When the Federal Communications Commission allowed multiple 2G digital standards to battle it out in the marketplace, it created at least a temporary problem for users looking to roam among wireless networks in North America. Internationally, the multiple North American standards in conjunction with incompatible standards from Europe and Asia have created a fragmented global coverage map that has resulted in consumers having little chance of utilizing a common handset across continents.

In an attempt to remedy this rogue roaming situation, the International Telecommunications Union (ITU) has set forth to develop specifications for a 3G system that incorporates global wireless network compatibility and increased network coverage for undeveloped areas. ITU's plan for this 3G system, formerly known as Future Public Land Mobile Telephone Service, is International Mobile Telecommunications 2000 (IMT-2000). IMT-2000 has provisions for a variety of wireless access methods ranging from in-building picocells to direct satellite communications. As shown in Figure 1 , a common spectrum around 2 GHz has been set aside for IMT-2000 deployment to facilitate seamless global roaming and includes spectra for both satellite and terrestrial access. Basically, IMT-2000 will use the frequency-division duplexing system with frequency intervals of 190 MHz. Currently, time-division duplexing is being utilized at 2010 to 2025 MHz.

If 3G systems can supply consumers with advanced data services and worry-free roaming, more subscribers will continue to hop onto the wireless bandwagon. This increase in users will put further pressure on service providers to maximize the capacity of their networks to accommodate the growing subscriber base. Since these service providers have not yet come close to recovering their investment in the 2G networks, they are already looking for ways to gracefully migrate to a 3G technology that can support more handsets in the existing frequency spectrum.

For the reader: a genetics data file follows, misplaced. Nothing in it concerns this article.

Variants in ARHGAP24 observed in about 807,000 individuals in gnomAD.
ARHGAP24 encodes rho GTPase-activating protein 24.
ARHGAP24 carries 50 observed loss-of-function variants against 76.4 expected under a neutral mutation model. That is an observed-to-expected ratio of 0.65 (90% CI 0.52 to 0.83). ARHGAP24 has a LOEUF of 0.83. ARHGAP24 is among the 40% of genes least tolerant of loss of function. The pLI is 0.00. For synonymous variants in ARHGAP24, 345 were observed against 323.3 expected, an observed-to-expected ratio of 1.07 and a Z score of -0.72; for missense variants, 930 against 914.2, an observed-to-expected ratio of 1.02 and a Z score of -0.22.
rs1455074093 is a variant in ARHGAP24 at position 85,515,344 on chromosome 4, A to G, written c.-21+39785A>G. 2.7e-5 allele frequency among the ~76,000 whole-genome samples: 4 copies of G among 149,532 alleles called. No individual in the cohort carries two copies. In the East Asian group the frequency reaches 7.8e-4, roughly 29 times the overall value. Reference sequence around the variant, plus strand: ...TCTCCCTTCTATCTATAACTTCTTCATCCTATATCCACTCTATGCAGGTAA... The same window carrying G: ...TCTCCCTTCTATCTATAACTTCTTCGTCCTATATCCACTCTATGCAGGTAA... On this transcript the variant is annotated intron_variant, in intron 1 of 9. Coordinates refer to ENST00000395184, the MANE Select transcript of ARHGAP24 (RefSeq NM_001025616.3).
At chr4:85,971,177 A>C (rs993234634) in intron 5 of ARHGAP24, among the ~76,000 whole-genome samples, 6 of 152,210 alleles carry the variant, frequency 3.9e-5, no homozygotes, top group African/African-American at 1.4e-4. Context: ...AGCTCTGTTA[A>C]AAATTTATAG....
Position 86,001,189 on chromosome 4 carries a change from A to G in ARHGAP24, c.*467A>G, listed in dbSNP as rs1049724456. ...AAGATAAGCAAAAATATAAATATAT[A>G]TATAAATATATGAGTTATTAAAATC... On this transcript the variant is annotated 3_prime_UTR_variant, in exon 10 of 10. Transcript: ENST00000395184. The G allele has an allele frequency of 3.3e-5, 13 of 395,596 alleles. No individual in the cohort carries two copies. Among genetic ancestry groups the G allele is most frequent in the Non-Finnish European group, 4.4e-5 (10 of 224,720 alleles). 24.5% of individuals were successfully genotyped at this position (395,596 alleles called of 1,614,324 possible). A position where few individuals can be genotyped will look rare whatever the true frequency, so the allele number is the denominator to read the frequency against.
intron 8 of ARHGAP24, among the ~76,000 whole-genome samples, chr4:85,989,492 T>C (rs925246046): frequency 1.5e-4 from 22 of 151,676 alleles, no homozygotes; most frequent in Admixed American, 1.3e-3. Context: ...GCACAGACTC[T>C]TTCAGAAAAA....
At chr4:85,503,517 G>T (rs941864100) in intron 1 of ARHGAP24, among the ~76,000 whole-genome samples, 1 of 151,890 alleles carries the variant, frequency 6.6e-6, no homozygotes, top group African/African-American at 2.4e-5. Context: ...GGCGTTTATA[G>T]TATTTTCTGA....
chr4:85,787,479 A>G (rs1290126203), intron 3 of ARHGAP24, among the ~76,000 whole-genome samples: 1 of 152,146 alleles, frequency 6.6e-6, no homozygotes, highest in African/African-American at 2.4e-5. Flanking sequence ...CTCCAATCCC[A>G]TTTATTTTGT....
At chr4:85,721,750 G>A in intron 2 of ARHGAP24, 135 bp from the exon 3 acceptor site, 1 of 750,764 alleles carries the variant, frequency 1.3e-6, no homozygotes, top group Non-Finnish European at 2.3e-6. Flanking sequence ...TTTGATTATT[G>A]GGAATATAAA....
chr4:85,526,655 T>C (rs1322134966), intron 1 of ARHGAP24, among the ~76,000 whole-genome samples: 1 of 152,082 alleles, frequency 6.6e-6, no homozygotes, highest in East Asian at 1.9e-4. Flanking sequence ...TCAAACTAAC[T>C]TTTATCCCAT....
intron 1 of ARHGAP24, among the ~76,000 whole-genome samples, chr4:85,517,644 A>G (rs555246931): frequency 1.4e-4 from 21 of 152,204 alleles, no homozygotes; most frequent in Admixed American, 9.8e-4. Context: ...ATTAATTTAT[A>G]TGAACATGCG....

Development Hurdles

Finding a way to outfit existing infrastructure equipment with 3G technology while somehow preserving the immature investments in 2G systems will be a formidable task for developers. This practical constraint means manufacturers will look to enhance existing equipment with overlay technologies. For instance, base station manufacturers are applying advanced antenna technology to increase system capacity. These smart antenna systems are independent of the radio interface used and can be overlaid on legacy systems to boost coverage significantly and increase the re-use of precious frequency channels.

Although full of promise, smart antenna systems represent the cutting edge of both antenna and signal processing technology and still need to be evaluated under a variety of field conditions to prove their practical worth. Evaluating the performance of antenna array systems requires test equipment, such as RF channel emulators, to be outfitted with entirely new capabilities.

There is little question that with digital cellular technology still in its infancy, developers and network operators are positioned on the steep portion of the learning curve. Providing the high throughput connectivity required to adequately support data services will require modulation rates to increase by an order of magnitude. These high rate schemes are more susceptible to the harsh effects of radio channels. To be successful in the real world, further enhancements in signal processing and channel coding will be required to mitigate these propagation and interference impairments. This process involves testing the performance of different design parameters against RF channel and interference conditions in an iterative fashion.